The new home for IReeN

Welcome to the new Home of IReeN. From the former IReeN.org.uk to the new web address IReeN.uk.

IReeN is the user group for all UK employers who electronic exchange with HM Revenue and Customs (formerly the Inland Revenue).

The IReeN name originates from ‘Inland Revenue electronic exchange Network’.

Originally employers were invited to file annual P14 or P35 mag media submissions at tax year end. Electronic Data Interchange (EDI) via ISDN started in 1999 with eXtensible Markup Language (XML) being introduced a year later).

Back in 2002 and at the encouragement of then Inland Revenue (IR) Electronic Business Unit (EBU) head Joan Woods, the formation of a user group for employers and pension payrolls who electronic exchange (ElEx) along with agents, payroll service providers and bureaux was encouraged at an event at Aston Villa Football Club.

Software that met test criteria were able to be awarded the Electronic Exchange mark.

Following proposals by Lord Carter, electronic exchange was expanded initially with financial encouragement, and then but then with phased compulsion.

The HMRC launched the payroll standard, meant to test desktop software for small employers ensuring capability for electronic filing of P14 and P35 tax year end declarations along with in year filing of P45, P46, Pension notifications and the employer benefiting from electronic tax code notifications. The payroll standard accreditation ended in 2012.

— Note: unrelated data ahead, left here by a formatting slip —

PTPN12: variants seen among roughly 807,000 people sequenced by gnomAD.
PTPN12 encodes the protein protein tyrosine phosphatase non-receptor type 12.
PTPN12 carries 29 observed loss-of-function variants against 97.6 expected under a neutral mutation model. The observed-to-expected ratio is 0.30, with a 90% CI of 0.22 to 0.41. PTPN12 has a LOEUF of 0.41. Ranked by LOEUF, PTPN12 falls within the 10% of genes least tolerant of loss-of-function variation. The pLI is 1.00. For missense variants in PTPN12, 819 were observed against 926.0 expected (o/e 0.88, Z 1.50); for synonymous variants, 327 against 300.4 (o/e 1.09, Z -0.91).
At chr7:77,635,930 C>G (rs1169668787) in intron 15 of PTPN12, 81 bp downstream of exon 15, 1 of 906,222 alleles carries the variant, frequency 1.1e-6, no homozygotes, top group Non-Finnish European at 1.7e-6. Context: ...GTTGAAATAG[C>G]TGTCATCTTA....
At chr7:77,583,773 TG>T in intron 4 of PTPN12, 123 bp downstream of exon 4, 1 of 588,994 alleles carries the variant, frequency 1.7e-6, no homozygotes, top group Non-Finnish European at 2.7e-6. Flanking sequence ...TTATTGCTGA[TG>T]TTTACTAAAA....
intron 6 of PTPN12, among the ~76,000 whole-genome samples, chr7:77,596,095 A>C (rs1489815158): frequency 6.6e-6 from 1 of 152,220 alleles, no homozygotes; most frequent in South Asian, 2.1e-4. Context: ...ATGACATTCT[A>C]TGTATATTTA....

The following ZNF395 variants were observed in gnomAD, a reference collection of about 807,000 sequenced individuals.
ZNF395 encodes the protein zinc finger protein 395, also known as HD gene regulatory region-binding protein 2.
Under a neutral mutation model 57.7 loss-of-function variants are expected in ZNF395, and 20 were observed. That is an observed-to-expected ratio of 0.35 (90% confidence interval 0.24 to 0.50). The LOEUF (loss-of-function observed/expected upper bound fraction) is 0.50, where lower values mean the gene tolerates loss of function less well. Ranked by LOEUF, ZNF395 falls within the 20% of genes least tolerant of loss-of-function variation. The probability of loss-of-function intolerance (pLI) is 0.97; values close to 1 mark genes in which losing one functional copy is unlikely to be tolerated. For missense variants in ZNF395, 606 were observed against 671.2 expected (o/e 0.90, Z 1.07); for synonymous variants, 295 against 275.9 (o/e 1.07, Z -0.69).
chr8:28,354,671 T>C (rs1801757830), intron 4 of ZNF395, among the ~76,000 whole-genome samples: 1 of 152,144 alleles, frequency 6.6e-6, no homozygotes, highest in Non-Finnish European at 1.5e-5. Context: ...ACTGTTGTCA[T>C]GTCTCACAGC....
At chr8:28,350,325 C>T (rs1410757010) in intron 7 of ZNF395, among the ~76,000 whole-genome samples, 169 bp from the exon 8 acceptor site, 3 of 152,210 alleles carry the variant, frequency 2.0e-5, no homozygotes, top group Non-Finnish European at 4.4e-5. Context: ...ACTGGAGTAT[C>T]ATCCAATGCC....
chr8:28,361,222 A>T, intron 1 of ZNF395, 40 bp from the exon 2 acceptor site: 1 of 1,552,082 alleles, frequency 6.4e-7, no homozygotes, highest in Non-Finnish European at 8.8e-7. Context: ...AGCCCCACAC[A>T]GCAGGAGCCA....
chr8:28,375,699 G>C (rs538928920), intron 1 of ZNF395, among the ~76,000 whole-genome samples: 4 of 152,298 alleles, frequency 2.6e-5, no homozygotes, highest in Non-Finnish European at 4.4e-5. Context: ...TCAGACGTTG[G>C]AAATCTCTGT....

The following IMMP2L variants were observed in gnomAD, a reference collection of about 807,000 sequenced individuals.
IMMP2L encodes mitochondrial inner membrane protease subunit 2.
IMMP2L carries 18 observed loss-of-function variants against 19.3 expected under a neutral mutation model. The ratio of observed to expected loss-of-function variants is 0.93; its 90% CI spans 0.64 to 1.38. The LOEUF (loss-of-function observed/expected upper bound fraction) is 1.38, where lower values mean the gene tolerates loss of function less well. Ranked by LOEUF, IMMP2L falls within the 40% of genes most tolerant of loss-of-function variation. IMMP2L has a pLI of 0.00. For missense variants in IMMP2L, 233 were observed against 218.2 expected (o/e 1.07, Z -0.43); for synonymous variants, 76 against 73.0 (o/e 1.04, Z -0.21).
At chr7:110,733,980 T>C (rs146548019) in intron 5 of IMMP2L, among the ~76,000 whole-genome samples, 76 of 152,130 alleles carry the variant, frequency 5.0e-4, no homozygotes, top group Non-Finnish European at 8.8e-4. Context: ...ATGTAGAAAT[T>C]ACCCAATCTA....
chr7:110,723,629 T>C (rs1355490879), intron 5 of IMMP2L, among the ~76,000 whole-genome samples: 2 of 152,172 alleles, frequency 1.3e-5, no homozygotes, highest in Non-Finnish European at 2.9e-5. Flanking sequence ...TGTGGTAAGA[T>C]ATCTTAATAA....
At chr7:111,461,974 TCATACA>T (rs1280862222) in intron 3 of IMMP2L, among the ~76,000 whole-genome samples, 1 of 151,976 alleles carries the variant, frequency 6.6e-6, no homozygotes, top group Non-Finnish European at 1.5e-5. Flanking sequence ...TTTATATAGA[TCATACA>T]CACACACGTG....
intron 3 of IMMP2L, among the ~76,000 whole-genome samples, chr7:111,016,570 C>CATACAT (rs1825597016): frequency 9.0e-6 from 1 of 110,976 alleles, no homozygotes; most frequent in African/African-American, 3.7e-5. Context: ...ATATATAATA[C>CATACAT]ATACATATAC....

Now all employers (with limited exception) came under new in year filing obligation with the 2012 pilot and then 2013 compulsory Real Time Information (RTI) with regular Full Payment Submission (FPS) and monthly Employer Payment Submission (EPS) along with the monthly pay-over of tases and National Insurance contributions to the collector of taxes.

RTI has been problematical. The process sometimes complicated and difficult. The need for coordinated representation between the users, UK plc, and HMRC has never been greater in improving electronic exchange for both governments, employers and pensions payers. And definitely for improving the experience of UK tax payers whether employed receding payment of wages, or pensioners in receipt of pension payments.

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